Nürburgring


Joined: 15 Apr 2013
Posts: 430
Location: Northumberland


PostPosted: Sun Oct 01, 2017 2:15 pm    Post subject: Reply with quote

Just as a counterpoint - there is very positive 11 page (inc pictures) article in Issue 172 Oct of Octane magazine - strapline - "why the 996 really is the one to buy right now. Features a 3.6 2004 Carrera 2 and a GT3.

End summary is

"Right now, the 996 is an underappreciated and undervalued Porsche. Its the 911 that, at the moment, strikes just the right balance between classis character and modern performance and features."
then
"If you'd love to own a 911, you'll love a 996. Do your homework, buy well and you'll bag a bargain. As for the google eyes, you'll just have to live with them".

Overall a pretty decent article, especially for those new to the 996.

Cheers.Ian
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Bluebird911
Spa-Francorchamps


Joined: 29 May 2010
Posts: 356



PostPosted: Sun Oct 01, 2017 2:31 pm    Post subject: Reply with quote

westcoastclassic wrote:
What's the issue with the review, mostly accurate.
Personally I think that's a great colour, one that will be very rewarding to shine, plus not everyday Black or Silver.
What's was the point here, lost on me Question


Agreed! Seems a pretty fair assessment to me! I read this a couple of months ago when it was first published and I thought it was more balanced than many I have read. I even like the colour scheme, though agree it is individual and the trade wouldn't be interested it come trade in Thumb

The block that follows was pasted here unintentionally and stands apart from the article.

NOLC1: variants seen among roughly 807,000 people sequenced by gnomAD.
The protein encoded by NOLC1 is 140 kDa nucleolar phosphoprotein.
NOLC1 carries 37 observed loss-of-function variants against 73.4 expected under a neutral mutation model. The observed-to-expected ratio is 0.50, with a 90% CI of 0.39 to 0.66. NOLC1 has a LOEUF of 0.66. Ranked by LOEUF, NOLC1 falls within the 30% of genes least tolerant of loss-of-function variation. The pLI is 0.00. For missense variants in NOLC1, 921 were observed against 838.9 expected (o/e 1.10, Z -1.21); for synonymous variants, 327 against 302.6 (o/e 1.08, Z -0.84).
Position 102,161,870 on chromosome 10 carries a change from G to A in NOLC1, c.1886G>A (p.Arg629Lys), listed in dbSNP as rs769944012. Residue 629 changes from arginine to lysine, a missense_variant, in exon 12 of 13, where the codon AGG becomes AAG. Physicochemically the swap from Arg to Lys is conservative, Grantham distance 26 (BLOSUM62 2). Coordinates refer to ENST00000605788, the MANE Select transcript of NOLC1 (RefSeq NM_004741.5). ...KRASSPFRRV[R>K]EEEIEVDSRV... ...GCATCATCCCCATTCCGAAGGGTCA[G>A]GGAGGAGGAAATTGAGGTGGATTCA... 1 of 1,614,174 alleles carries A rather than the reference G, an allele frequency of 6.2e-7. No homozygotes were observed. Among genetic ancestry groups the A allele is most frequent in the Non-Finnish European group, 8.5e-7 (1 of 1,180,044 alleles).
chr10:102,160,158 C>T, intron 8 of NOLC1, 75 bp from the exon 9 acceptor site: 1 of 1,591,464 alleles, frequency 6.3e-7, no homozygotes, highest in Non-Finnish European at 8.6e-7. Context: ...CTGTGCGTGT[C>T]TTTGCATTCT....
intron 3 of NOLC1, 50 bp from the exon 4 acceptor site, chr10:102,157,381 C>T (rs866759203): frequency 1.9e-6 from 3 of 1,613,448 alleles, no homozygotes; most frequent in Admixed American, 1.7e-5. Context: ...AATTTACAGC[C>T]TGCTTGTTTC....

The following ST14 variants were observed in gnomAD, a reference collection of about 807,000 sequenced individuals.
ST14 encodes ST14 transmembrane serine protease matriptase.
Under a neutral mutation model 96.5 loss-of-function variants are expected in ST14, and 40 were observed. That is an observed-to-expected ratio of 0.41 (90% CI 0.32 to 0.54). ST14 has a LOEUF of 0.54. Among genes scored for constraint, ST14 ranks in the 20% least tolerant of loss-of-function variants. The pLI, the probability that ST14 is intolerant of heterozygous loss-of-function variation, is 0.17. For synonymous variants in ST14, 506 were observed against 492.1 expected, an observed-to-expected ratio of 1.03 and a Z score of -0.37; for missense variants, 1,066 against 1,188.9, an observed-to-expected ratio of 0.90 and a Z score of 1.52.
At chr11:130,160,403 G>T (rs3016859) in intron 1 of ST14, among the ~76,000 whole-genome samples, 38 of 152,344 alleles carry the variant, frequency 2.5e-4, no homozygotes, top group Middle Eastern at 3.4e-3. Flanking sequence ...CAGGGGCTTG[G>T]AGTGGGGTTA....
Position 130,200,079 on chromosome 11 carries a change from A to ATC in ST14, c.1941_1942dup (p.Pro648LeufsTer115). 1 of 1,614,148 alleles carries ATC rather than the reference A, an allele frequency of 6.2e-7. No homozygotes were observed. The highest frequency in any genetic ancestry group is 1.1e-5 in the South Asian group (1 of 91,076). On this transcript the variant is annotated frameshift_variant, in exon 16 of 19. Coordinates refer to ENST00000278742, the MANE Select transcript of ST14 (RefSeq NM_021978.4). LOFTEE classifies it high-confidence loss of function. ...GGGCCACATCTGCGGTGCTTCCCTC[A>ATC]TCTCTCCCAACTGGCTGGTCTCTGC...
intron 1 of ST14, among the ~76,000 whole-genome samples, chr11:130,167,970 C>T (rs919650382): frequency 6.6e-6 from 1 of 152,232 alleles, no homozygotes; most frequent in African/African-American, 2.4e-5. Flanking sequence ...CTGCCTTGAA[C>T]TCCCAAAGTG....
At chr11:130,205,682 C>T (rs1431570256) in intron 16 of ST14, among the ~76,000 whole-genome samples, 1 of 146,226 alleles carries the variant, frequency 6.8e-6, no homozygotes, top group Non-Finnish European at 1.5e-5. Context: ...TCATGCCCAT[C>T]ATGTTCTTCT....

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paul987
Albert Park


Joined: 27 Feb 2015
Posts: 1650
Location: east mids


PostPosted: Sun Oct 01, 2017 4:45 pm    Post subject: Reply with quote

The exterior is not the best colour choice... But that interior Yuk Even the carpet is nasty..

Someone needs to check if David Icke ordered that from the factory when he was in his turquoise faze... Mr. Green what
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2006 987 Boxster S 3.2 - Guards red
 
  
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APL911
Silverstone


Joined: 15 Aug 2017
Posts: 115



PostPosted: Mon Oct 02, 2017 1:54 pm    Post subject: Reply with quote

It seems a fair assessment to me, although the comments on the 3.4 being less reliable than the 3.6 are maybe a bit misguided (wrong).

To be fair, I don't think anyone should buy a 996 if they are looking for an investment. I've just bought a C4S as something to cherish and enjoy ownership of for the long term. If in 10 years time it's worth a bit more money then great. If not, I don't really care. Smile
 
  
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wasz
Kyalami